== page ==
Monday, 4 June 2012

Game of Thrones | Season Two, Episode Ten: Valar Morghulis


So, we've finally come to end of the second season of Game of Thrones - and, in keeping with the style of the first series, they've taken it all away from us just when it was starting to get really, really good. Last week's episode, The Battle of the Blackwater, may well have been the massive showdown that this entire series was leading up to, but as far as tension, excitement and pure visceral terror goes, Valar Morghulis trounces the Blackwater every time.

Following the battle, Tyrion is very badly wounded and languishing helpless in a cramped room in the Red Keep. He has been shunted aside by his father Tywin, who has shown up to take his place as King's Hand. Although he is badly hurt, has an ugly scar across his face, and is in pretty much the most dire situation he's been in since his arrival in King's Landing (even though it was his smart thinking that basically saved the city), he refuses Shae's offer to run away to Pentos, saying that he wants to stay in King's Landing because he belongs there - and for the love of the Game.

Sansa is happy for about five seconds after it is decided by the council that Joffrey will not marry her after all - instead he will be married to Margaery Tyrell (Renly's widow, and Loras's sister) in order to join the Lannisters (it's pointless to call them the Baratheons, I think we can all agree) to the power of Highgarden. While she may be free of actually having to marry the sadistic inbred munchkin, Littlefinger is quick to remind her that she will still be under Joffrey's power - and Joffrey is a total psycho. Littlefinger offers to help her escape - but come on, this is Littlefinger we're talking about; you just know he's not doing this out of the kindness of his heart.

In various other corners of the realm, Brienne is still dragging an increasingly filthy-looking Jaime Lannister towards King's Landing in the hope of trading him for Sansa and Arya. She is forced to kill three Northmen who make the mistake of recognising Jaime. Against the advice of his mother, Robb marries Talisa, which is sure to piss off Walder Frey no end, as Robb was supposed to be betrothed to one of his daughters - something tells me that one's going to come back to bite him pretty soon. Stannis blames Melisandre and her Fire God for his loss at the battle of the Blackwater, but she convinces him that he is in fact the embodiment of the Fire God on Earth (which surely can't be true - somehow I don't think Stannis Baratheon is Westeros's answer to Jesus Christ) and that the war will eventually be won by him.

Theon is still whining away at Winterfell, surrounded by a force of Northmen. Aemon suggests he joins the Night's Watch, where all his past sins will be forgiven and forgotten (yeah, right), but Theon elects to fight instead. He gives a really quite rousing battle speech - even people that pretty much hate Theon and the Greyjoys will be impressed - even so, his own men knock him out and offer him to the Starks to save their own skins. Winterfell is burned to the ground in the process, and Maester Aemon is mortally wounded. Bran, Rickon, Hodor and Osha emerge from the crypt to find the devastation - Aemon, who they find dying slowly in the Godswood, advises them to head North to find Jon; going South would be too dangerous. Osha puts Aemon out of his misery and, re-united with Summer and Shaggydog, they set off.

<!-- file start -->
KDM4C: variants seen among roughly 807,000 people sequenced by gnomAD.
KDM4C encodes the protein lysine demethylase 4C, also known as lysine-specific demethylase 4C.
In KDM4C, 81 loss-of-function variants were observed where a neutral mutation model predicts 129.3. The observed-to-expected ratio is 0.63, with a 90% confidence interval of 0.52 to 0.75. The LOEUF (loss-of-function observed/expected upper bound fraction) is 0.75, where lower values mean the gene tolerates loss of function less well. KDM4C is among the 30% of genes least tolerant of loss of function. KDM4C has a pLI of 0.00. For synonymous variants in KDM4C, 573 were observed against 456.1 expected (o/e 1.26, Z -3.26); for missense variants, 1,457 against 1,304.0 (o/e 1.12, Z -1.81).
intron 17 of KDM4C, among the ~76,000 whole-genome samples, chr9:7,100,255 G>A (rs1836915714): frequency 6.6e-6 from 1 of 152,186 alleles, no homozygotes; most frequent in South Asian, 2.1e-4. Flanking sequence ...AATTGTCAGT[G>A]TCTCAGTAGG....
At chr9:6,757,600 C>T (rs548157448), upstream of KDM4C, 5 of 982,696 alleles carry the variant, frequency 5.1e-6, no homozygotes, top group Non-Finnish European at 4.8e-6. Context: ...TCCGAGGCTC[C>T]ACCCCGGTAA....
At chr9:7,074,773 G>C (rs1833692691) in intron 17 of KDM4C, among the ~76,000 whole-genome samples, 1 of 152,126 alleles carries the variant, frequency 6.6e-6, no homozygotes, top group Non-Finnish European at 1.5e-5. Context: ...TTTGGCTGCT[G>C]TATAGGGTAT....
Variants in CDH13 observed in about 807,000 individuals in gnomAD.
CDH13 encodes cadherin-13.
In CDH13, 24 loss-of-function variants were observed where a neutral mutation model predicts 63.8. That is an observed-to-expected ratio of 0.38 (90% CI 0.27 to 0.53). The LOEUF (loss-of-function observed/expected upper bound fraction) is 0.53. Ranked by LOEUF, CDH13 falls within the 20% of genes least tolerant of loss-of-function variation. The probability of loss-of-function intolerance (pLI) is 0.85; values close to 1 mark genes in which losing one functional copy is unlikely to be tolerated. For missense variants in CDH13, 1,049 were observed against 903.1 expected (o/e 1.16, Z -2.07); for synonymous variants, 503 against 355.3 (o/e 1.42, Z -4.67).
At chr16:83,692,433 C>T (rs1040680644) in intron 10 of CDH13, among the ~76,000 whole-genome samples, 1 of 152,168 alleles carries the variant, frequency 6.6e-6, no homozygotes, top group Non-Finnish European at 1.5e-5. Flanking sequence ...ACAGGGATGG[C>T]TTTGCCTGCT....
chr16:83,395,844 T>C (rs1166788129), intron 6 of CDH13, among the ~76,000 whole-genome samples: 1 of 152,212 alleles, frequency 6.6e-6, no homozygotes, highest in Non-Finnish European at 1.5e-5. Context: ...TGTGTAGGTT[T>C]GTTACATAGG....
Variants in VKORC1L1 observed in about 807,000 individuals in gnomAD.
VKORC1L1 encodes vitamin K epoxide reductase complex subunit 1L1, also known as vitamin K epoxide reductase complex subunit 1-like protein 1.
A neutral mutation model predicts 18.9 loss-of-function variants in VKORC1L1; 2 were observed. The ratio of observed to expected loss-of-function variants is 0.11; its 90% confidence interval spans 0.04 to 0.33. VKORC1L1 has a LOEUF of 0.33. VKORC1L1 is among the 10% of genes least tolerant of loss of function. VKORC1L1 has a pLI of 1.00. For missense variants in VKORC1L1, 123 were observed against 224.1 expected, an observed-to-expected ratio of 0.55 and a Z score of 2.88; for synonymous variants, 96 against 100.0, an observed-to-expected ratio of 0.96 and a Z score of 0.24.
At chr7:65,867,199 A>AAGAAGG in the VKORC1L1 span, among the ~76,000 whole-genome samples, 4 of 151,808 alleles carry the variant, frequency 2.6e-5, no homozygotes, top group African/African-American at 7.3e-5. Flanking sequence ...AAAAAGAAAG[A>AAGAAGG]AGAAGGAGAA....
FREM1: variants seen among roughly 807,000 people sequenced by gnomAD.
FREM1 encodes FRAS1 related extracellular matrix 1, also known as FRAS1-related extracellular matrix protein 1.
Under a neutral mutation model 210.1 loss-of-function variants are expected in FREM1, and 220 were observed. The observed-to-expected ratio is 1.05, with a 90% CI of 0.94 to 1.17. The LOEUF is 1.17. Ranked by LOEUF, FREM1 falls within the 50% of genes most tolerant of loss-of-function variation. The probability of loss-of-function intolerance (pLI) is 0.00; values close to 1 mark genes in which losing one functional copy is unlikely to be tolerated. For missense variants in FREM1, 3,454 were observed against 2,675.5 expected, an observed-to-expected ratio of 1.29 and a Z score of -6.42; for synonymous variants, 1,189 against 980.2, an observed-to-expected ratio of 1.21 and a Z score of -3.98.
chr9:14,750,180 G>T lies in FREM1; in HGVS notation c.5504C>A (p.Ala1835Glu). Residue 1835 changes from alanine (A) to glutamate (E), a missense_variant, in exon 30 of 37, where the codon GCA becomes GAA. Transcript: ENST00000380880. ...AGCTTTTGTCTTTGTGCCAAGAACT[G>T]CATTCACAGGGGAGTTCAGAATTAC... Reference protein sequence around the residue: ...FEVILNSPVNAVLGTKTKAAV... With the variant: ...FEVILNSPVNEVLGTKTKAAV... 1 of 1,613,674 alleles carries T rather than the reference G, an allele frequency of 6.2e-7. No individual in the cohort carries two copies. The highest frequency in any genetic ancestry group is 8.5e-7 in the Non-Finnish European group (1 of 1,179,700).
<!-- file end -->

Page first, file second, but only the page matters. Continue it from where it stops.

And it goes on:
Arya is still wandering in the wilderness with Hot Pie and Gendry after escaping from Harrenhal with the help of the mysterious Jaqen. She meets up with Jaqen for one final time, upon which he reveals to her that he is in fact one of the Faceless Men, an order of brilliant assassins. He gives her a coin, and tells her that should she ever need to find him again, she should give it to any man from Braavos and say the words 'Valar Morghulis' - all men must die. Then he cleverly shapeshifts into a completely different man, before going on his merry way. North of the wall, Jon Snow (who is still in the hands of the Wildlings) kills his fellow captive Quorin Halfhand in a clever but fatal ploy to ensure that the Wildlings come to trust him.

In the best scenes of the episode, Dany enters the House of the Undying to get back her dragons. The building is a kind of psychic labyrinth; Dany wanders through the King's Landing throne room, out past the Wall, and into a tent where she meets up with Drogo (her dead husband) and Rhaego (her dead son). It's not clear whether this is a trick on the part of the Warlocks, or whether she is actually communing with her dead family - or maybe a bit of both - but Dany recognises that she can't stay. She chooses her dragons over remaining with Drogo, then burns the place down and Pyat Pree with it. Upon returning to the house of Xaro, she finds him in bed with her supposedly-missing-presumed-dead handmaiden. After discovering that Xaro's vault of riches is actually completely empty, Dany has him and her faithless handmaiden locked inside it to die, while she takes all of his possessions in order to buy a ship to get her to Westeros.

In the spectacular final scene, Sam, Pyp and Grenn are performing their duties at the Fist of the First Men, when suddenly they hear three blasts on a horn. One blast means rangers returning, two blasts mean a Wildling attack - but three blasts mean they're about to be set upon by an army of the undead. And, sure enough, a fair few frozen blue-eyed dead guys turn up to join in the fun.

Something tells me the third season is going to be titled Game of Thrones: You Ain't Seen Nuthin Yet.

Episode Ten Best Moment: Tie - Dany in the House of the Undying/Sam coming face to face with a Wight

Episode Ten Best Line: "I'm a monster as well as a dwarf. You should charge me double." - Tyrion

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